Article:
Date: Fri, 3 May 1996 14:39:42 -0400 (CDT) From: Rob Reed <rhreed at icdc.delcoelect.com> Subject: Overkill... Say what? Adam writes: >Isn't using dry ice to cool wort going a little too far? I think > that it may be dangerous too. Depending on how you employ the dry ice to cool wort, it could be dangerous, but how could it be interpreted as going too far considering the widespead use of such techniques and equipment as counterflow chilling, recirculating infusion mash system (I mean George Washington didn't need no stinking temperature servo to make Porter 8<), and how about injecting pure oxygen and building up 1 quart starters from a loopful of yeast? What about homebrewers who sterile filter and then bottle under pressure and three tier half barrel brew systems. How about a 1 barrel pilot brewery with an underground pipe from the brewhaus to the fermenting room? I can only say that I am guilty of using more than one of the above... Isn't that the beauty of homebrewing, that you are only limited by your imagination and the credit limit on your charge card? Cheers, Rob Reed Return to table of contents
Date: Fri, 03 May 96 13:57:00 PDT From: "Gregory, Guy J." <GGRE461 at eroerm1.ecy.wa.gov> Subject: Fear, Loathing, and a tip. Fear: > On a related note, are any of you as scared as I am about the AHA taking > over the HBD? Loathing: Is there reason for fear? As a long time lurker, Rob has performed a thankless task with skill. Clearly, anyone who has done so much for so long with no tangible reward is truly an honorable man. To suggest other than pure motives for the change is outrageous. AOB will either perform as well as the past, in which case no significant change will occur; or they will not, in which case most of us will go elsewhere, and this remarkable phenomenon will pass. If this is all we have to fear, we're doing pretty well. Hold on to your towels, folks. The universe will continue. My personal best wishes to you, Rob. Sincere thanks for your efforts for the international brewing community. A tip: I'm lagering in a old corny keg. I cut off the bottom 1/2" of the out tube, and took out the valve from the in-tube. Brew magazine has a cockamamie contraption for attaching an airlock involving a whole bunch of stuff. I used, instead, a 2 inch length of 1/2" ID clear tube, into which I inserted a 3" length of 3/8 " ID, 1/2" OD tube, into which I inserted my airlock. It's acceptably rigid, and the airlock is bubbling away happily. My refrigerator does not have a dangerous buildup of CO2 in it nor does it smell, as the Brew magazine article suggested, and I am not light the 40 bucks or so for the stuff they advised. Anybody have any better ideas? GuyG4 at aol.com...Lightning Ck. Picobrewery. The only beer on tap at the Restaurant at the End of the Universe Return to table of contents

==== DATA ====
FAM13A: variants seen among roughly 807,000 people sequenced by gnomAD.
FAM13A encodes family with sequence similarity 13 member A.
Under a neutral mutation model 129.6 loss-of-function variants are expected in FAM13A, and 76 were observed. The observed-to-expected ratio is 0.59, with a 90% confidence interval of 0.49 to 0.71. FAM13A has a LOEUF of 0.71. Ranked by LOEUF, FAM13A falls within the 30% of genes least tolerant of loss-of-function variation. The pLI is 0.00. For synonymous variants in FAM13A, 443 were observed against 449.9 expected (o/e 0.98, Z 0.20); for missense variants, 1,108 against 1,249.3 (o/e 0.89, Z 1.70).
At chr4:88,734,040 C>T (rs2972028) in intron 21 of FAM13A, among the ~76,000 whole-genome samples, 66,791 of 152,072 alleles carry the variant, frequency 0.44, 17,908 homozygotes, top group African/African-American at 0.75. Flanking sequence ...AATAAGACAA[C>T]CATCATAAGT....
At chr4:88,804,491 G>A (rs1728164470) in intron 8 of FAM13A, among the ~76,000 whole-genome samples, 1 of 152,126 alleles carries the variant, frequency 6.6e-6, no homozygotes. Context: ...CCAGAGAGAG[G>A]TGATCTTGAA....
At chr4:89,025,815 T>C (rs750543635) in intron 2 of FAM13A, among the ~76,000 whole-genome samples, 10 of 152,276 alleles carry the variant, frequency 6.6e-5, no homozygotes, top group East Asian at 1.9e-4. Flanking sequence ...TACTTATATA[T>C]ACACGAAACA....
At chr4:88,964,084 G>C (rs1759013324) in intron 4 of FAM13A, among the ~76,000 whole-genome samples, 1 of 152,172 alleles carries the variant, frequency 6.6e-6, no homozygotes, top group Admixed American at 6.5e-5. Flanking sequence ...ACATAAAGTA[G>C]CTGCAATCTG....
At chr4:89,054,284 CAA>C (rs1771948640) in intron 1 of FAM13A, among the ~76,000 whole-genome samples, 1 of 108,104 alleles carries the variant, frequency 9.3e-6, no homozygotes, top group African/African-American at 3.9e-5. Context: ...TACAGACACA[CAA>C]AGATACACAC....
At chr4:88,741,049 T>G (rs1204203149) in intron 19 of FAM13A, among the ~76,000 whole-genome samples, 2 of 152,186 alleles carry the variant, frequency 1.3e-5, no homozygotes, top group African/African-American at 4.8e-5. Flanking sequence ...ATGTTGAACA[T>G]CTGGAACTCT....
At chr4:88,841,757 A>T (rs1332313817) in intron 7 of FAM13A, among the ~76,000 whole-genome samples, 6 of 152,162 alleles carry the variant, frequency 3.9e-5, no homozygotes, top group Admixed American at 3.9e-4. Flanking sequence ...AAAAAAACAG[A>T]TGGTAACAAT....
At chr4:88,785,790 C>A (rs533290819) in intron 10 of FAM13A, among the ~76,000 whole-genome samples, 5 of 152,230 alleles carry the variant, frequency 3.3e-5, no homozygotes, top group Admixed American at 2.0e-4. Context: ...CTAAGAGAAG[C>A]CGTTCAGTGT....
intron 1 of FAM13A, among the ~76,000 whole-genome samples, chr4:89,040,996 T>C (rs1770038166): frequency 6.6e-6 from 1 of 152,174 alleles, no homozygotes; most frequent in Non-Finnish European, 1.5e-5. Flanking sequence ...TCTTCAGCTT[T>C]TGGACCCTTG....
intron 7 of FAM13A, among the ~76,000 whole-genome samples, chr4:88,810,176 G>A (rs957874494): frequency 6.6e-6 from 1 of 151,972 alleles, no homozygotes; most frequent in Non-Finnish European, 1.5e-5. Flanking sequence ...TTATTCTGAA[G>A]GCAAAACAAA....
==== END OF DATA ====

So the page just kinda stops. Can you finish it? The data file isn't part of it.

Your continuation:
Date: Fri, 3 May 1996 13:59:53 -0000 From: Pre-installed User <dimke at montana.campus.mci.net> Subject: Grain Mills Hi all, I have been brewing more and more and as such have started to buy grain = a bag at a time. Have finally decided that it would be nice to have my = own grain mill. This way I can just brew when ever....assuming I have = the proper hops on hand of course! Have searched the FAQ's and can not = seem to find any info on these do dads. Anyway, I have seen the Phils mill and the Corona mill in the catalog = but neither impress me. The mill my local homebrew place = uses(Hellroaring Homebrew) is made by Jack S. ( Can't remember the full = last name...sorry) It is a great mill, crushes well and is easy to put = a drill on the crank shaft to speed things up a little( a lot actually). = Any opinions on these mill and any others out there that the rest of = you recommend? Where is the best place to get them? =20 TIA Private e-mail ok . =20 Will post a summary if there seem to be a lot of input. Rich and Mark Brew Partners in Kraeusen. Return to table of contents